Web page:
The European Commission presented today its ‘Sustainable and Smart Mobility Strategy' together with an Action Plan of 82 initiatives that will guide our work for the next four years. This strategy lays the foundation for how the EU transport system can achieve its green and digital transformation and become more resilient to future crises. As outlined in the European Green Deal, the result will be a 90% cut in emissions by 2050, delivered by a smart, competitive, safe, accessible and affordable transport system.
Frans Timmermans, Executive Vice-President for the European Green Deal, said: “To reach our climate targets, emissions from the transport sector must get on a clear downward trend. Today's strategy will shift the way people and goods move across Europe and make it easy to combine different modes of transport in a single journey. We've set ambitious targets for the entire transport system to ensure a sustainable, smart, and resilient return from the COVID-19 crisis.”
Commissioner for Transport Adina Vălean said: “As the backbone that connects European citizens and business, transport matters to us all. Digital technologies have the potential to revolutionise the way we move, making our mobility smarter, more efficient, and also greener. We need to provide businesses a stable framework for the green investments they will need to make over the coming decades. Through the implementation of this strategy, we will create a more efficient and resilient transport system, which is on a firm pathway to reduce emissions in line with our European Green Deal goals.”
Milestones for a smart and sustainable future
All transport modes need to become more sustainable, with green alternatives widely available and the right incentives put in place to drive the transition. Concrete milestones will keep the European transport system's journey towards a smart and sustainable future on track:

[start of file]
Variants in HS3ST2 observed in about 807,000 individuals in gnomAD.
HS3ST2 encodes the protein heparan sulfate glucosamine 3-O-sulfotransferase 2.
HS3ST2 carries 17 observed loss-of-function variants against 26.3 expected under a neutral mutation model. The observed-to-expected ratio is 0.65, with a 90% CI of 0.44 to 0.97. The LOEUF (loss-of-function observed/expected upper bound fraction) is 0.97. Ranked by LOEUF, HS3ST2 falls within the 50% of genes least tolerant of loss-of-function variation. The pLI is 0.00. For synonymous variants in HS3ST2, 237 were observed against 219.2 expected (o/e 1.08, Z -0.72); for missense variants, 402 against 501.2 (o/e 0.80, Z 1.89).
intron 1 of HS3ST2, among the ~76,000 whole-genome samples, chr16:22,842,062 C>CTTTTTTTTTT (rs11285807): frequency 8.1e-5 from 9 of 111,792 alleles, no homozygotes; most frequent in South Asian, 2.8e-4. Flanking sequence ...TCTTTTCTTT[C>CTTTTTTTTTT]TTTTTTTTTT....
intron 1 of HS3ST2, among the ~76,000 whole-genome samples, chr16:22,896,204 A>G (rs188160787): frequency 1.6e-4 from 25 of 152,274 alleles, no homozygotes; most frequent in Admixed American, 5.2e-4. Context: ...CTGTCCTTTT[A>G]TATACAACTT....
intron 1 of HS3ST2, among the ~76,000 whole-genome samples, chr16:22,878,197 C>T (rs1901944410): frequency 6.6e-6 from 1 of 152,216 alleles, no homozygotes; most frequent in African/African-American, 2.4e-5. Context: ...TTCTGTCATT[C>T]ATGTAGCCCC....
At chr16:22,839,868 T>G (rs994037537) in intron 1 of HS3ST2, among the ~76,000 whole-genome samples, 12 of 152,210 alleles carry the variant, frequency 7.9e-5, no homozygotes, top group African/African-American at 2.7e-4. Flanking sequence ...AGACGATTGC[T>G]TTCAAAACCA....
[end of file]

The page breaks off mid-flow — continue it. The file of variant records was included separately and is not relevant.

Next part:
10 key areas for action to make the vision a reality
To make our goals a reality, the strategy identifies a total of 82 initiatives in 10 key areas for action (“flagships”), each with concrete measures.
For transport to become sustainable, in practice this means:
Innovation and digitalisation will shape how passengers and freight move around in the future if the right conditions are put in place. The strategy foresees:
Transport has been one of the sectors hit hardest by the COVID-19 pandemic, and many businesses in the sector are seeing immense operational and financial difficulties. The Commission therefore commits to:
With transport contributing around 5% to EU GDP and employing more than 10 million people in Europe, the transport system is critical to European businesses and global supply chains. At the same time, transport is not without costs to our society: greenhouse gas and pollutant emissions, noise, road crashes and congestion. Today, transport emissions represent around one quarter of the EU's total GHG emissions.
This push to transform transport comes at a time when the entire sector is still reeling from the impacts of the coronavirus. With increased public and private investment in the modernisation and greening of our fleets and infrastructure, and by reinforcing the single market, we now have a historic opportunity to make European transport not only more sustainable but more competitive globally and more resistant to any future shocks.
However, this evolution should leave nobody behind: it is crucial that mobility is available and affordable for all, that rural and remote regions remain connected, and that the sector offers good social conditions and provides attractive jobs.
For More Information
Source: Press corner from the European Commission website